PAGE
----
It is common knowledge among the educated that the Earth is not exactly spherical, and some of this comes from tidal forces and inhomogeneities but some of it comes from the rotation of the planet itself. The deformation from the rotational effect makes it more oblate spheroid-like, or as I would prefer, "like a pancake". Here is one site illustrating the behavior, and image:
Literature exists detailing the mathematical expectations for a rotating planet using just hydrostatic forces, for example, see Hydrostatic theory of the earth and its mechanical implications. I like to imagine a ball of water in space held together by its own gravity. I also don't want to deviate from consideration of only hydrostatic (and gravitational) forces because I think it is sufficient for this discussion.
It would seem that the solution of the described problem is in terms of a small change in radius as a function of the azimuth angle, or z-coordinate if you take the axis of rotation to be the z-axis. This is using rotational symmetry. In other words, Earth's deformation due to rotation does not depend on longitude.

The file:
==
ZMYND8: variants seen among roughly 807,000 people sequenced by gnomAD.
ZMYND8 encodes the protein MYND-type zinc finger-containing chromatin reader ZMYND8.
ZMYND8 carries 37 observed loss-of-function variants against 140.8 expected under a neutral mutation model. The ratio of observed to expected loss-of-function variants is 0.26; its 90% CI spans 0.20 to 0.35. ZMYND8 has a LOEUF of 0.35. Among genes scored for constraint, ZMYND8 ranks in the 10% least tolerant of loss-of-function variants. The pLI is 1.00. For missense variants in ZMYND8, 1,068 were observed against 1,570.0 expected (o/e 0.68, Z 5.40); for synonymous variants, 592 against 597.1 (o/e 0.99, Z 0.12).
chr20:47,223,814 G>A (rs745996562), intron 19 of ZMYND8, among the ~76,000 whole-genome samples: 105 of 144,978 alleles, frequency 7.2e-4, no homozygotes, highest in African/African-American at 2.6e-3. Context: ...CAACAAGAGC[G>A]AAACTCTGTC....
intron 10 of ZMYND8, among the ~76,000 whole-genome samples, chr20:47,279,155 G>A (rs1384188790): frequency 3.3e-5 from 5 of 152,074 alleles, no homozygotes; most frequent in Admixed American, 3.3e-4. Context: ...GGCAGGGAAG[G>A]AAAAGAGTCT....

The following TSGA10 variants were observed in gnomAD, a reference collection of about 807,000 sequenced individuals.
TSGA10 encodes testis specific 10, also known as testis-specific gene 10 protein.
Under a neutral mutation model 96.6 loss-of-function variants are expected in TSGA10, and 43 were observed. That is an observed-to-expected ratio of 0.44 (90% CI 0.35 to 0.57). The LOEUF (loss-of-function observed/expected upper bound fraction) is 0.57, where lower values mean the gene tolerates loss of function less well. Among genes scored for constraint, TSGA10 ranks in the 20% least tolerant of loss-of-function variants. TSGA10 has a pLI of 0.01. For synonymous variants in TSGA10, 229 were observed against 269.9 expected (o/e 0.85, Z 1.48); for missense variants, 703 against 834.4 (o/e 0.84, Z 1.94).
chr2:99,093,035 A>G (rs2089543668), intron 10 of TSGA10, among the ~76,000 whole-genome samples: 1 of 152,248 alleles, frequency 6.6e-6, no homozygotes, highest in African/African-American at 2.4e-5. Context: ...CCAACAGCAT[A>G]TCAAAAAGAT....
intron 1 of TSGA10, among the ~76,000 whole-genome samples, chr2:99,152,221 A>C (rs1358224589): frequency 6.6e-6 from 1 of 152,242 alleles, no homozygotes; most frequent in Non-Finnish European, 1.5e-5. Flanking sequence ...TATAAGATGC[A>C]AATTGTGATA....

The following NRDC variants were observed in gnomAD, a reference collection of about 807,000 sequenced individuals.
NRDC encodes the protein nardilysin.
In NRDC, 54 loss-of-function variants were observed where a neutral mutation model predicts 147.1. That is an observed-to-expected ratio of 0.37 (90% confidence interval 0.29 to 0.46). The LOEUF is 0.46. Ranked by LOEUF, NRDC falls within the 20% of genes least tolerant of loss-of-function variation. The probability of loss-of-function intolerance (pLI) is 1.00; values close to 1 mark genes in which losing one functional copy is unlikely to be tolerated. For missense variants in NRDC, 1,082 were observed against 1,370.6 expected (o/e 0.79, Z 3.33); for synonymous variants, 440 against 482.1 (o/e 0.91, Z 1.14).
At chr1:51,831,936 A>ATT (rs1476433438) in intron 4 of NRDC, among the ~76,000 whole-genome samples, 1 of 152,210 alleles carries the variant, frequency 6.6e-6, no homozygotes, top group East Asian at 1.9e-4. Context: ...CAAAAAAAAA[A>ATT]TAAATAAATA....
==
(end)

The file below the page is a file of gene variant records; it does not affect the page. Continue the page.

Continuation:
I want to ask about the extreme case. Imagine a planet rotating so fast that it is a very thin pancake. What will occur in this case? I am curious:
- Will the center hollow out, creating a donut shape?
- Will it break up into a multi-body system?
It seems to me that it would be logical for the high-rotation case to break up into 2 or more separate bodies. The reason is that a 2 body system is stable an can host a very large angular momentum. But would it be an instability that leads to this case? When would such an instability occur and could a rotating planetary body deform in a different kind of shape from the beginning, such as a dumbbell-like shape, which would transition into a 2-body system more logically than the pancake shape?
To sum up, how would a pancake shape transition into a dumbbell shape? Or would it? What are the possibilities for the described system?